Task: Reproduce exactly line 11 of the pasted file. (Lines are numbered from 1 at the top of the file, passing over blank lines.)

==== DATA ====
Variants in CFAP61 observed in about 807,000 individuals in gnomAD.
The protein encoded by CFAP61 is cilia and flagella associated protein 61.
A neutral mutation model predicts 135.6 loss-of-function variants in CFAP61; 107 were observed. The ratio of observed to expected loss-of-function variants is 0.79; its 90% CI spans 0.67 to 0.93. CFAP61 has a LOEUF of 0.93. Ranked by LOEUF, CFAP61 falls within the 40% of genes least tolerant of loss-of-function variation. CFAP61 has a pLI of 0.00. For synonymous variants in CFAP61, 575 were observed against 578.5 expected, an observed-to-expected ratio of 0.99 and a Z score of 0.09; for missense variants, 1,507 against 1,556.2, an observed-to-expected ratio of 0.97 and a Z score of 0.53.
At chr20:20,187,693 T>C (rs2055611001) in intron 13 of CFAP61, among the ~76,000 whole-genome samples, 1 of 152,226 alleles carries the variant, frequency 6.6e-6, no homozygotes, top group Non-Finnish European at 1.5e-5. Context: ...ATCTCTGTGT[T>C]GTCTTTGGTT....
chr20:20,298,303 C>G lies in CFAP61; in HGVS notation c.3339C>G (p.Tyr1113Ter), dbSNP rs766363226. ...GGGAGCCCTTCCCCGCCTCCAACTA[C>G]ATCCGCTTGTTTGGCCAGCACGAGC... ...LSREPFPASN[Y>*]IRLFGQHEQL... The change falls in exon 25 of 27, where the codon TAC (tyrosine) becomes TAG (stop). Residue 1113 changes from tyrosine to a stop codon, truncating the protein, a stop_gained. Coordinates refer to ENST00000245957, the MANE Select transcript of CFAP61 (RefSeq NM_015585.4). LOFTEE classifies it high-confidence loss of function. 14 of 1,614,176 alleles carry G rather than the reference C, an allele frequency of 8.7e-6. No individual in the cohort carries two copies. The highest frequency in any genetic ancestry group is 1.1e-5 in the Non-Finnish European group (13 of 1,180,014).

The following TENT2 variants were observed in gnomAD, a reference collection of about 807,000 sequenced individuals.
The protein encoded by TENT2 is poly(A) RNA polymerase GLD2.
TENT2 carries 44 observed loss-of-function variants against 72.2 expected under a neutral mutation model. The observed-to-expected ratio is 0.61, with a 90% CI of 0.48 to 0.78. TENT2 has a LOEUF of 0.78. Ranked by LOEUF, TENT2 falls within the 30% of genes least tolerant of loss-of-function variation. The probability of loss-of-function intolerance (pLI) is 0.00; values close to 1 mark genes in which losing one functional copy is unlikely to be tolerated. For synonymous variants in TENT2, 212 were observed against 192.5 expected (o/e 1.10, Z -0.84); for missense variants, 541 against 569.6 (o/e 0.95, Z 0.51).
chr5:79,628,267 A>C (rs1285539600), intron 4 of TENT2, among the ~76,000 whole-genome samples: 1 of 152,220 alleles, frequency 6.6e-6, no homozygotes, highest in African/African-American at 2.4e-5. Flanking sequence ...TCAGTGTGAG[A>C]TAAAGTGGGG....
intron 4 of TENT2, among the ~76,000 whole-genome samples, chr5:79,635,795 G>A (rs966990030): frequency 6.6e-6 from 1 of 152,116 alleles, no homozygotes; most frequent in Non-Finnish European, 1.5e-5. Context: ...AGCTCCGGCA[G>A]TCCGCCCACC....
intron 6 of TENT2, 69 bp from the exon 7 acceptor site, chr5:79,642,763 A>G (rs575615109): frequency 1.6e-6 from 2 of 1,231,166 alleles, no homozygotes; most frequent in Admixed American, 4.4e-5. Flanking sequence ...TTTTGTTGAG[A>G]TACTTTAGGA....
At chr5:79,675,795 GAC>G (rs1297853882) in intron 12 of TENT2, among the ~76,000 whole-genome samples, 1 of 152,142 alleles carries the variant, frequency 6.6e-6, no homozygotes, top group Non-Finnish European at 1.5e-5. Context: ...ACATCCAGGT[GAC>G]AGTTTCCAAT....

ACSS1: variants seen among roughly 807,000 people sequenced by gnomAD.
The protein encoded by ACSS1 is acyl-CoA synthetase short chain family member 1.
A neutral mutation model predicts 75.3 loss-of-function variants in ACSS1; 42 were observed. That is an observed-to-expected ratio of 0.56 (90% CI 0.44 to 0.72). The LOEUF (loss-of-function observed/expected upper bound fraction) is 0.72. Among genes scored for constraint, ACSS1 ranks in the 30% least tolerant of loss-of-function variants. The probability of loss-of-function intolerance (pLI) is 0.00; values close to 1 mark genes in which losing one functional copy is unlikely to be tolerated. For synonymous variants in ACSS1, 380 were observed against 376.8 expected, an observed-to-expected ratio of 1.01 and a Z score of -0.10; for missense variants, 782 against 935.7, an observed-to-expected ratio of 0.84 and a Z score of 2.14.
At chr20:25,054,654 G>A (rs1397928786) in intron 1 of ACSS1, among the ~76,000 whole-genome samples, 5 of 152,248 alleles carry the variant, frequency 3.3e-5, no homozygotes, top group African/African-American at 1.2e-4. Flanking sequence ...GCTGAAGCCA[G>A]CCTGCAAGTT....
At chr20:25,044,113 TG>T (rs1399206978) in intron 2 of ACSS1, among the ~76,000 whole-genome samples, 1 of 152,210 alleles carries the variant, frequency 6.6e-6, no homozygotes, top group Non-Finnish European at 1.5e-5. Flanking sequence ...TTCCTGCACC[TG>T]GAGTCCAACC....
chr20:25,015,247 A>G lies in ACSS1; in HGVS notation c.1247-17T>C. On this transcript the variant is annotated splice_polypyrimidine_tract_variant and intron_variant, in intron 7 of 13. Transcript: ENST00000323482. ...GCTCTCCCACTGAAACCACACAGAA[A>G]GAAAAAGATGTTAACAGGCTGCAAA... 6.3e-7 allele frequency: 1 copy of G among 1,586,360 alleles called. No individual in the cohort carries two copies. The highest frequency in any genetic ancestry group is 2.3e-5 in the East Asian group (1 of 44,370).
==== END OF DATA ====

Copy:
intron 6 of TENT2, 69 bp from the exon 7 acceptor site, chr5:79,642,763 A>G (rs575615109): frequency 1.6e-6 from 2 of 1,231,166 alleles, no homozygotes; most frequent in Admixed American, 4.4e-5. Flanking sequence ...TTTTGTTGAG[A>G]TACTTTAGGA....